Yes, some patients need to monitor clinical and biometric data on a daily basis, such as type 2 diabetics who monitor their glucose. That clinical data has everyday use and value, but there's no reason that data has to be stored in a clincial EHR, Mr. Margolis says. "Most times, you don't need a doctor or hospital-based system to do that monitoring. You just need the data from whatever device is doing the monitoring exposed directly to the consumer in a manner that integrates with the consumer's life".

So what does a consumer need in terms of a consumer-facing IT platform?

"Take the spectrum of consumer-facing activities: health and wellness, fitness, nutrition, education about how the health system works, social support and communities, rewards and incentives that go along with participating in those activities," Mr. Margolis says, which is the strategy behind Welltok's CaféWell HHHealth Optimization Platform.

The consumer-facing platform aligns consumer actions and behaviors with incentives and rewards and coordinates with population health managers, who Mr. Margolis says is anyone who helps people manage their total healthcare costs, such as at-risk providers, health plans and other organizations.

Consumers have specific needs, ones that can't necessarily be serviced by business-centric platforms. Instead, platforms such as CaféWell should "curate the ecosystem for the consumer" in a personalized, data-driven environment that is complementary to both traditional EHR platforms or insurance benefits platforms, Mr. Margolis suggests.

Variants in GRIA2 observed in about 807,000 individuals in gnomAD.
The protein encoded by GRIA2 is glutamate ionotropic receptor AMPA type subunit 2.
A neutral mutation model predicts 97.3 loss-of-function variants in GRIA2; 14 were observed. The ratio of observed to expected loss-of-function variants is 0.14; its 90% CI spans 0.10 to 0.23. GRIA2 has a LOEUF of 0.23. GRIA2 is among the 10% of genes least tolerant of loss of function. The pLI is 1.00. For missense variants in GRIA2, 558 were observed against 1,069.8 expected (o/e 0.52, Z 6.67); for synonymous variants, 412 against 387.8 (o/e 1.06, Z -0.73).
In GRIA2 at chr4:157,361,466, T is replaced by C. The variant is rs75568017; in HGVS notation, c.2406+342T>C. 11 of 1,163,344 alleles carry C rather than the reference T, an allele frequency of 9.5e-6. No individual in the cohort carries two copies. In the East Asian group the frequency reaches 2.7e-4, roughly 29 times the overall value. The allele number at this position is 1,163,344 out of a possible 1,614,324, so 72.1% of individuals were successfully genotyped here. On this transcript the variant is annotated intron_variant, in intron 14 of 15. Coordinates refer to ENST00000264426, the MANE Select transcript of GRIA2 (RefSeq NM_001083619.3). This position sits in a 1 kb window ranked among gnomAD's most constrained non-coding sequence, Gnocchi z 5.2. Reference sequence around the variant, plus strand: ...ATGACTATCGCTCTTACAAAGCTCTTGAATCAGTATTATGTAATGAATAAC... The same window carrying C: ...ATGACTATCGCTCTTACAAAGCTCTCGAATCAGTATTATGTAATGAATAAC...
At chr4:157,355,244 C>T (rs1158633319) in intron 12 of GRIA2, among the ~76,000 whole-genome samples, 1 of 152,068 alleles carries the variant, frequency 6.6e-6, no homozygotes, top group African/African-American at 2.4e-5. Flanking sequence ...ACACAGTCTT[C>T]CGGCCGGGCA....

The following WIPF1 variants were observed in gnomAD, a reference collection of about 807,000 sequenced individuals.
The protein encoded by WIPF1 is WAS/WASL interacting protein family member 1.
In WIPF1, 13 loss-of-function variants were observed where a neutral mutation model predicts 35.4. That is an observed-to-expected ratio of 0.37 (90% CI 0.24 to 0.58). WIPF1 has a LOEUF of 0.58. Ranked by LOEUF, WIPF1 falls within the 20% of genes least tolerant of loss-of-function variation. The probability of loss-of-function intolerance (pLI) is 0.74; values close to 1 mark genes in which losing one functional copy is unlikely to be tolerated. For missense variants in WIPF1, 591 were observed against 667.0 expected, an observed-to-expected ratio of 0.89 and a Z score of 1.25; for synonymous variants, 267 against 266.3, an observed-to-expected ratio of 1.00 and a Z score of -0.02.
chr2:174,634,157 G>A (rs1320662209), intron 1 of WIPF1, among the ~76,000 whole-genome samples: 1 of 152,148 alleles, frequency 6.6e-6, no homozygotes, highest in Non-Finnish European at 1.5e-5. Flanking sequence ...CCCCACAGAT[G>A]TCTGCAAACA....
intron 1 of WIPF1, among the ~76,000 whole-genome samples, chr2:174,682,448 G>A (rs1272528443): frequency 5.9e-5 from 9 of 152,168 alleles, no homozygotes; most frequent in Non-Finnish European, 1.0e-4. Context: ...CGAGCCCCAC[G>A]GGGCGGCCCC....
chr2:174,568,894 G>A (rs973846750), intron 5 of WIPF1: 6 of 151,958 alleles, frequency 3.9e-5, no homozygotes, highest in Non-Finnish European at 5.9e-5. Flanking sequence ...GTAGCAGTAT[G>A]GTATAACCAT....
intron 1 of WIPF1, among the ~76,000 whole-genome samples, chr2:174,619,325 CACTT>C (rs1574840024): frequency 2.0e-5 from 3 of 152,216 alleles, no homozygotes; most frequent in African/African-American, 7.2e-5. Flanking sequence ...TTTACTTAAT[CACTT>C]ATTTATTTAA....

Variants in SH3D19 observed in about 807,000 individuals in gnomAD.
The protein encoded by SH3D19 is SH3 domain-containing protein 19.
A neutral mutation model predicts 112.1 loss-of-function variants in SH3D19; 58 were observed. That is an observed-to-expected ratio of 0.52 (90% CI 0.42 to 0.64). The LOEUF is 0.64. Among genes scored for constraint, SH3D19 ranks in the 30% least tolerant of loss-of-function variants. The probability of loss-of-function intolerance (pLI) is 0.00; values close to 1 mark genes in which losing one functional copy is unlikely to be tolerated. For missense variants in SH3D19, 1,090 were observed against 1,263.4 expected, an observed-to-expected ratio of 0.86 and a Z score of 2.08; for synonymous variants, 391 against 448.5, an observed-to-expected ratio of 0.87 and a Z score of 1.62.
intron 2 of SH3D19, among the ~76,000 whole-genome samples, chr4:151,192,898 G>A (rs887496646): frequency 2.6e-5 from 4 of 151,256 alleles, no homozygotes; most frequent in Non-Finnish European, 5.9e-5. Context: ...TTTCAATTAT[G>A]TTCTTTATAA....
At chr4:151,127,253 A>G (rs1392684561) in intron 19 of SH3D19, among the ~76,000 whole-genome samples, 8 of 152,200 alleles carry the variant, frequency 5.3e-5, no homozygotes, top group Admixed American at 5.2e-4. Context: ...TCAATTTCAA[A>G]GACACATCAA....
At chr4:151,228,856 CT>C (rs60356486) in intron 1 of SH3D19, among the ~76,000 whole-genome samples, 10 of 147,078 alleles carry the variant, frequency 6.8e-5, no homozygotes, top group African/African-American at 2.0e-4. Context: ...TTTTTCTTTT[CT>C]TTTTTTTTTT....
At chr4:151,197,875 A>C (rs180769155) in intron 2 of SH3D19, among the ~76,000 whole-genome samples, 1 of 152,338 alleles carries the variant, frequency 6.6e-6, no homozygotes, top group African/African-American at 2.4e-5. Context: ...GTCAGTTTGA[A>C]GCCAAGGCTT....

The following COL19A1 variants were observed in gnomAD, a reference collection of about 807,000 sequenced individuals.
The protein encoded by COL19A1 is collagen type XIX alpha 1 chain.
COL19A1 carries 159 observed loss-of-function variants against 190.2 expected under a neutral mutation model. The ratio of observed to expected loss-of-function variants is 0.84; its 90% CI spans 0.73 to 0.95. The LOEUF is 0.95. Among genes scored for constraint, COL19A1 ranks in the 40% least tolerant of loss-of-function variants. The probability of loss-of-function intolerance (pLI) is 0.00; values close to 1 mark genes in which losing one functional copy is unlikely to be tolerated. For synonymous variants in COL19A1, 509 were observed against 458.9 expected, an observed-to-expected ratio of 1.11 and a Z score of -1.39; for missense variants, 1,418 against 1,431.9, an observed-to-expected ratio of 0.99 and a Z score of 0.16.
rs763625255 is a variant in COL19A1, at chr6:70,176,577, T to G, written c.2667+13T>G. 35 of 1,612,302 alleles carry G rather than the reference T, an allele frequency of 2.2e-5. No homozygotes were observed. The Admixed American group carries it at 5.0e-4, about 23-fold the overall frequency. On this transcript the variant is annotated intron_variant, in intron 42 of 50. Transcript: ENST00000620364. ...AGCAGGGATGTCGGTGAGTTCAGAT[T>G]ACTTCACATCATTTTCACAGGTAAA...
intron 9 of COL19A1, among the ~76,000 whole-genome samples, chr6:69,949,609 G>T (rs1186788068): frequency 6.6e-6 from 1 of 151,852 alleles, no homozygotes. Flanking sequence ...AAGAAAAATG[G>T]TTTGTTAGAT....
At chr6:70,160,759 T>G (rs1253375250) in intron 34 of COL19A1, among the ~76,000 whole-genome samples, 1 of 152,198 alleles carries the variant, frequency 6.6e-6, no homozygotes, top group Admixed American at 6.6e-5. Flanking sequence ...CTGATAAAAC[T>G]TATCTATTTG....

And with the ever-growing emphasis on population health and the commitment to engage consumers in their well-being, platforms need to offer them access to adequate and effective tools. Population health can't be the key to reducing overall healthcare costs if consumers are relatively ill-equipped [as compared to medical professionals or benefits managers] to start making those changes.

The patient vs. consumer conversation is a new one, as many are still adjusting to thinking of patients as consumers and the gatekeepers to their own health. Given the inevitable shift toward population health management, there is an opportunity for IT solutions to step in and offer consumers what they need.

"There needs to be recognition that there's a third type of enterprise platform in healthcare — consumer platforms," Mr. Margolis says. "I'd love for people to stop setting up the 'either/or' on consumers…and come up with the 'and.' The clinical information comes from [one platform], the benefits come from [another platform] and the information that consumers need to navigate a year in the life comes from [another]. If the consumer-level can easily integrate the information from those other platforms and swizzle in the vast amount of additional consumer data available, everybody becomes more efficient."

More articles on health IT:

Global telehealth market to grow 19 percent from 2014 to 2019
Patient portal enrollment at Virginia Mason tops 100,000 users
A history of EHRs: 10 things to know